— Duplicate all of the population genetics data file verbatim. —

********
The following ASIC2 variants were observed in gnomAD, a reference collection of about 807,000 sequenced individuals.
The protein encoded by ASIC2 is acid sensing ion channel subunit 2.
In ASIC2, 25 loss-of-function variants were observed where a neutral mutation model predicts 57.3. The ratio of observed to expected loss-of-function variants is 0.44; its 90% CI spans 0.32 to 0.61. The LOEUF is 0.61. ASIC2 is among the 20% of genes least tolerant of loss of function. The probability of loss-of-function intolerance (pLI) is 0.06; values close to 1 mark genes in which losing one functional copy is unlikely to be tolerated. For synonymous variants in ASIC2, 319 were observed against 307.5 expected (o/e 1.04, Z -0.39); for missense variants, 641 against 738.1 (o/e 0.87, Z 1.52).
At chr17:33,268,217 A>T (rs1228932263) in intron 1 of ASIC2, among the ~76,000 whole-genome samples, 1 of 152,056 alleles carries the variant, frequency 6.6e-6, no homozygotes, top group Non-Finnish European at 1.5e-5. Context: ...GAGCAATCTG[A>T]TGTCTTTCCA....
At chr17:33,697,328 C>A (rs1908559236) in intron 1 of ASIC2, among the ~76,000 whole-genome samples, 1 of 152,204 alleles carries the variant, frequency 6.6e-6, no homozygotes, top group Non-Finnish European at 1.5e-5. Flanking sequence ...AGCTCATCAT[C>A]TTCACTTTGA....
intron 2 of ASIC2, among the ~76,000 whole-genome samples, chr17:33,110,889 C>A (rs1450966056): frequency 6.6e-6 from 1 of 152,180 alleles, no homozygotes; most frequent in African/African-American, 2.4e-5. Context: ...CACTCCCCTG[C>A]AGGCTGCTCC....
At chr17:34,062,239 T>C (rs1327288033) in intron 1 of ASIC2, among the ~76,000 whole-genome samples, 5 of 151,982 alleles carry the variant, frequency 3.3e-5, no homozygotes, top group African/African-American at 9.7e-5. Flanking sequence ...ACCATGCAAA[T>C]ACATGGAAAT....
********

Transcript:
The following ASIC2 variants were observed in gnomAD, a reference collection of about 807,000 sequenced individuals.
The protein encoded by ASIC2 is acid sensing ion channel subunit 2.
In ASIC2, 25 loss-of-function variants were observed where a neutral mutation model predicts 57.3. The ratio of observed to expected loss-of-function variants is 0.44; its 90% CI spans 0.32 to 0.61. The LOEUF is 0.61. ASIC2 is among the 20% of genes least tolerant of loss of function. The probability of loss-of-function intolerance (pLI) is 0.06; values close to 1 mark genes in which losing one functional copy is unlikely to be tolerated. For synonymous variants in ASIC2, 319 were observed against 307.5 expected (o/e 1.04, Z -0.39); for missense variants, 641 against 738.1 (o/e 0.87, Z 1.52).
At chr17:33,268,217 A>T (rs1228932263) in intron 1 of ASIC2, among the ~76,000 whole-genome samples, 1 of 152,056 alleles carries the variant, frequency 6.6e-6, no homozygotes, top group Non-Finnish European at 1.5e-5. Context: ...GAGCAATCTG[A>T]TGTCTTTCCA....
At chr17:33,697,328 C>A (rs1908559236) in intron 1 of ASIC2, among the ~76,000 whole-genome samples, 1 of 152,204 alleles carries the variant, frequency 6.6e-6, no homozygotes, top group Non-Finnish European at 1.5e-5. Flanking sequence ...AGCTCATCAT[C>A]TTCACTTTGA....
intron 2 of ASIC2, among the ~76,000 whole-genome samples, chr17:33,110,889 C>A (rs1450966056): frequency 6.6e-6 from 1 of 152,180 alleles, no homozygotes; most frequent in African/African-American, 2.4e-5. Context: ...CACTCCCCTG[C>A]AGGCTGCTCC....
At chr17:34,062,239 T>C (rs1327288033) in intron 1 of ASIC2, among the ~76,000 whole-genome samples, 5 of 151,982 alleles carry the variant, frequency 3.3e-5, no homozygotes, top group African/African-American at 9.7e-5. Flanking sequence ...ACCATGCAAA[T>C]ACATGGAAAT....